Or if they move to an integration we don’t support, we have seen some churn, and then also we just get natural expansion revenue. Some others Wistia is really good? A lot of the per user folks are great, but the ones that aren’t per user like Wistia or HubSpot are also really, really great. So to be clear, also when we started ProfitWell, there was only about, I think it was 10% to 15% of companies using value based value metrics. And now it’s it just crossed in December of 2020 to 52% of all subscription companies, or SaaS companies in particular.

Patrick Campbell:
And so this is where everything’s going, because people want to pay for what they use or the value they’re getting. They don’t want to pay for a bunch of stuff. This is why you’re also seeing less feature differentiation. You’ve seen less, hey, there’s 40 features that are scattered throughout these tiers. And it’s more everything’s included except these three features are separated between the tiers, because the value of features is also going down as we talked about in the beginning. So it’s just one of those things to think about.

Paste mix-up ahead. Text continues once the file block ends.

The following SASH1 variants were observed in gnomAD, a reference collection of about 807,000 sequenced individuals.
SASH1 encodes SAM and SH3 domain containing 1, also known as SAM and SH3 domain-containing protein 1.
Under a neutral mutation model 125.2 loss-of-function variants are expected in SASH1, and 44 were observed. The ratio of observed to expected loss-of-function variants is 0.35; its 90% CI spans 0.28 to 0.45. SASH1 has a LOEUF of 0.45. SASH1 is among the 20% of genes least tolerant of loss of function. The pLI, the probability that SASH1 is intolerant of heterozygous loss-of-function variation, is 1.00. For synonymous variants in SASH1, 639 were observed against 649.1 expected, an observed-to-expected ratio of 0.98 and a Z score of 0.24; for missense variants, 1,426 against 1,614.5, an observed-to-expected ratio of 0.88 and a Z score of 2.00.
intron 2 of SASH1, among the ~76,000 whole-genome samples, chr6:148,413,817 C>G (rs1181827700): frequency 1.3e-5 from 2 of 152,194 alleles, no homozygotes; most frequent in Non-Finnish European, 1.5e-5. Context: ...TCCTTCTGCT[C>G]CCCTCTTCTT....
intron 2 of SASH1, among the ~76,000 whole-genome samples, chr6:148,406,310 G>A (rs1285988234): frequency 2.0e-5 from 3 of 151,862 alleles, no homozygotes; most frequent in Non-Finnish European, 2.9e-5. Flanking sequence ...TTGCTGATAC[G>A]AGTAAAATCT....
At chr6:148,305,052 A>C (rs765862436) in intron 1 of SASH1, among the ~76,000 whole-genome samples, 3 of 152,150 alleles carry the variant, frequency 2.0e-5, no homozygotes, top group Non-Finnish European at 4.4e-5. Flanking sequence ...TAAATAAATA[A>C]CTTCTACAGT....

Patrick Campbell:
What do you think of Basecamp pricing, is one plan and one price? Yea, Basecamp, so if you go to Basecamp’s pricing, it’s just a straight up one plan, $100 a month I think. And so Basecamp they’re optimizing for simplicity and conversion. They’re optimizing for being the affordable option on the market. They’re not trying to squeeze every dollar of value out of you.

Patrick Campbell: